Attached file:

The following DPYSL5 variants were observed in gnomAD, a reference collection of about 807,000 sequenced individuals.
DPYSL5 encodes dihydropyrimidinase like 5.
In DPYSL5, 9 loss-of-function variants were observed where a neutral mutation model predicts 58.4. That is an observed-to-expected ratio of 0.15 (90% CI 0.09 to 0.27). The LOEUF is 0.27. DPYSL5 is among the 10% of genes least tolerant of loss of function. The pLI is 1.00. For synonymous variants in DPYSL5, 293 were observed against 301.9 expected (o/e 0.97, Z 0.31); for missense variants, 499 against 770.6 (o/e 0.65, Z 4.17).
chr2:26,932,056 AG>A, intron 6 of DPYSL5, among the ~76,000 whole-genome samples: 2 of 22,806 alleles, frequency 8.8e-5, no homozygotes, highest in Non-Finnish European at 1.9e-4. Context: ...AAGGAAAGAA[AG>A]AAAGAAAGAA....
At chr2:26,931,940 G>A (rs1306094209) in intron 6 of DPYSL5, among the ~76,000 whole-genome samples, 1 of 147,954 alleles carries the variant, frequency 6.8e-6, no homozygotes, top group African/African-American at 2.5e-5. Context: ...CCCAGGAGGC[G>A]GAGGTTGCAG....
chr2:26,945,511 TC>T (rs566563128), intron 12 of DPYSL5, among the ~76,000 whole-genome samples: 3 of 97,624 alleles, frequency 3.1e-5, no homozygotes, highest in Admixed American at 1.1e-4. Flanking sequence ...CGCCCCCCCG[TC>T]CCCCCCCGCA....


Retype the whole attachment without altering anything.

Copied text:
The following DPYSL5 variants were observed in gnomAD, a reference collection of about 807,000 sequenced individuals.
DPYSL5 encodes dihydropyrimidinase like 5.
In DPYSL5, 9 loss-of-function variants were observed where a neutral mutation model predicts 58.4. That is an observed-to-expected ratio of 0.15 (90% CI 0.09 to 0.27). The LOEUF is 0.27. DPYSL5 is among the 10% of genes least tolerant of loss of function. The pLI is 1.00. For synonymous variants in DPYSL5, 293 were observed against 301.9 expected (o/e 0.97, Z 0.31); for missense variants, 499 against 770.6 (o/e 0.65, Z 4.17).
chr2:26,932,056 AG>A, intron 6 of DPYSL5, among the ~76,000 whole-genome samples: 2 of 22,806 alleles, frequency 8.8e-5, no homozygotes, highest in Non-Finnish European at 1.9e-4. Context: ...AAGGAAAGAA[AG>A]AAAGAAAGAA....
At chr2:26,931,940 G>A (rs1306094209) in intron 6 of DPYSL5, among the ~76,000 whole-genome samples, 1 of 147,954 alleles carries the variant, frequency 6.8e-6, no homozygotes, top group African/African-American at 2.5e-5. Context: ...CCCAGGAGGC[G>A]GAGGTTGCAG....
chr2:26,945,511 TC>T (rs566563128), intron 12 of DPYSL5, among the ~76,000 whole-genome samples: 3 of 97,624 alleles, frequency 3.1e-5, no homozygotes, highest in Admixed American at 1.1e-4. Flanking sequence ...CGCCCCCCCG[TC>T]CCCCCCCGCA....